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An energy efficiency program that helps low-income households lower their utility bills got a $3.5 billion boost from the infrastructure bill last year. But as NPR's Laura Benshoff reports, many people the program is supposed to help cannot take advantage of it because their homes need too much work.
LAURA BENSHOFF, BYLINE: In a North Philadelphia row home, Joseph Davis (ph) and his wife raised five children. He's lived there so long he and his daughters can't remember exactly when the family moved in.
JOSEPH DAVIS: About 40 years - we've been here about 40 years?
VERONICA STOVALL: I was in the third grade. Ness (ph), you know what year we moved here?
STOVALL: In '55? No. Junior was born in '55.
BENSHOFF: Eighty-nine-year-old Davis, now widowed, wants to stay in the house as long as he can. His daughters are nearby to look after him. When he got something in the mail offering to retrofit his home last year, daughter Veronica Stovall (ph) signed him up. After they sent in the paperwork, an inspector came by and found issues. Stovall takes me to the second floor and points out the roof leak.
STOVALL: This was the worst. Oh, yeah - because it's separating there. It's a hole.
BENSHOFF: The whole program they applied to, called Weatherization Assistance, covers repairs that make a house more energy efficient, things like adding insulation or replacing windows. On average, recipients then save hundreds of dollars a year on their energy bills. But under the federal regulations, homes where the work would be ineffective because of significant repair needs or the costs run too high are rejected. Stovall says they looked into getting the roof and other issues fixed, but it was too pricey even with financial assistance.
STOVALL: It was a thick letter saying these were all the repairs needed, and it came to something like $30,000.
BENSHOFF: Around half of all people who apply for weatherization assistance in Philadelphia are rejected because their homes need extensive repairs, says Steve Luxton, the executive director of a group that does weatherization assistance here.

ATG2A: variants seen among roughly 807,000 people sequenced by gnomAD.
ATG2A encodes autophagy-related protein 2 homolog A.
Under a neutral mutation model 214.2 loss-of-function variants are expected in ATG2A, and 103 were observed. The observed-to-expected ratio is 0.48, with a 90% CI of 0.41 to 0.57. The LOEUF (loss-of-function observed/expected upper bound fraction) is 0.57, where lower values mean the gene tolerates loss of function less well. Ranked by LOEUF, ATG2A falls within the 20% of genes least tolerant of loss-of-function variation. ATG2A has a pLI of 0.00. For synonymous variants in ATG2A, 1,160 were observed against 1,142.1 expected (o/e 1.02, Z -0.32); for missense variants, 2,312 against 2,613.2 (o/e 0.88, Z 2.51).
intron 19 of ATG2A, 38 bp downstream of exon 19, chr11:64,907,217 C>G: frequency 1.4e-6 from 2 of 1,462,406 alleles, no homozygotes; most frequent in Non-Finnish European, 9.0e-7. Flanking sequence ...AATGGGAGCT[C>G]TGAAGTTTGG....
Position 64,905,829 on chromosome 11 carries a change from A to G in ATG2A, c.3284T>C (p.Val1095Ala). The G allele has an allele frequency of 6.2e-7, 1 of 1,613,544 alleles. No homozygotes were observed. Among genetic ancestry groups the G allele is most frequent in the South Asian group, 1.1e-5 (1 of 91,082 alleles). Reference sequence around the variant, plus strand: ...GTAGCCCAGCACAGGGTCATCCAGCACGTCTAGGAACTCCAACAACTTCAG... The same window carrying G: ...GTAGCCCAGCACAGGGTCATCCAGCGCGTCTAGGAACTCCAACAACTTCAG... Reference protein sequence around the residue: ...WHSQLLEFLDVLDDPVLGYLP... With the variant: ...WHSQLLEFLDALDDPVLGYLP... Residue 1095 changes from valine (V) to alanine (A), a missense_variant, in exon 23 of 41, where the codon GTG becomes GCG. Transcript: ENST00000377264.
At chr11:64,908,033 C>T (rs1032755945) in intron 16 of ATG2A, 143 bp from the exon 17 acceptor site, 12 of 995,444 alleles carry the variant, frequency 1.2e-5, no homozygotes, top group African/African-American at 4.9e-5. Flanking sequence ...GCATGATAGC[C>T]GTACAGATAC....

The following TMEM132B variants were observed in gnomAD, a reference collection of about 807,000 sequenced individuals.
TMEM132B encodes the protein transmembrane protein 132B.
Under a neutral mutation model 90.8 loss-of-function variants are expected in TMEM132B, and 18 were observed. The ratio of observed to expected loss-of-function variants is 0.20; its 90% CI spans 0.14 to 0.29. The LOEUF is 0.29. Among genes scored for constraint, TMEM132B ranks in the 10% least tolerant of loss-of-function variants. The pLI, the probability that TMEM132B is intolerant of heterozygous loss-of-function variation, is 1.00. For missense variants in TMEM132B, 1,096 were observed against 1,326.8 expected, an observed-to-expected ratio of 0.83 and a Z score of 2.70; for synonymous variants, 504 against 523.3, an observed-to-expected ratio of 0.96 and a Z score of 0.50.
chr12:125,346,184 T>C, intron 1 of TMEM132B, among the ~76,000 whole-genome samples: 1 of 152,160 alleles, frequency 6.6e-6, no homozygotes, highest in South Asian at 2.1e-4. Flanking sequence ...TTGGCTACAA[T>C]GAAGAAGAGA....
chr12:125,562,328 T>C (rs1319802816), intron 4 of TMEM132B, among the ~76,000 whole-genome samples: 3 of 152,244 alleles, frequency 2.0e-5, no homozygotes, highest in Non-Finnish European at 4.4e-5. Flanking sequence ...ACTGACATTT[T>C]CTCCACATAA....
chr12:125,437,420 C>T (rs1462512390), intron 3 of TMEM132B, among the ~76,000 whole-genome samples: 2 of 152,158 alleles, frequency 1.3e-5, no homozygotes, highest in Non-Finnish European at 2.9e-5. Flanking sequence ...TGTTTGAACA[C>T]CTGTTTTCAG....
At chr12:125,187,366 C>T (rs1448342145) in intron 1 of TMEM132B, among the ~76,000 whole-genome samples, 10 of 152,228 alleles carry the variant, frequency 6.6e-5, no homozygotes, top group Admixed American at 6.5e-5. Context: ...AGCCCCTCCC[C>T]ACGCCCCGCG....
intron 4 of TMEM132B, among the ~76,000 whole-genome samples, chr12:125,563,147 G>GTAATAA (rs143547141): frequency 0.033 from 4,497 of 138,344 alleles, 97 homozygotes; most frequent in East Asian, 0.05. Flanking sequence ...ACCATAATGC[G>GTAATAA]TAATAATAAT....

STEVE LUXTON: Low-income homes typically have a lot more issues because there's always a lack of discretionary income.
BENSHOFF: And it's not just a Philadelphia problem. While there are no national statistics, a 2017 survey in Pennsylvania found 1 in 3 households that apply are rejected. In rural western Wisconsin, one group reported deferring nearly 60% of applicants.
DAVID BRADLEY: It's not simply rural or tribal or located in various sections of the country. Every state, we're dealing with this problem.
BENSHOFF: That's David Bradley, who heads up a group which lobbies Congress on behalf of weatherization organizations. With an extra $3.5 billion for weatherization in the infrastructure law, the federal government wants to retrofit many more homes. And it is trying to work on those that are left out. Earlier this year, a bipartisan group of senators introduced a bill that would create a repair fund just for these homes. Bradley says that kind of policy change is needed to make the program live up to its promise.
BRADLEY: Otherwise, you're not really addressing the environmental injustice, the disparity on the lowest of the low income. You're not dealing with those that need it the most.
BENSHOFF: But he says even if that bill passes, the actual need is likely several times the proposed amount of $65 million a year. Some states and cities are already tackling this issue on their own, bundling together different funding sources to keep homes in the program. Rezefer Young (ph), who goes by Cookie (ph), is a retired hotel housekeeper who recently got new windows thanks to one such initiative helping a few dozen people in Philadelphia.
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BENSHOFF: Young says she also got a new roof, among other repairs.
REZEFER YOUNG: My back door - they had to do the back door because it wasn't closing right.
BENSHOFF: Some of this work was with federal weatherization money, some from the city and some from Habitat for Humanity. Young says she doesn't know how much it would have cost her.
YOUNG: I'm not even going to think. I just thank God I'm getting it done.
BENSHOFF: But she does see the savings in her gas bill every month, which means her home is getting more energy efficient.
Laura Benshoff, NPR News, Philadelphia.
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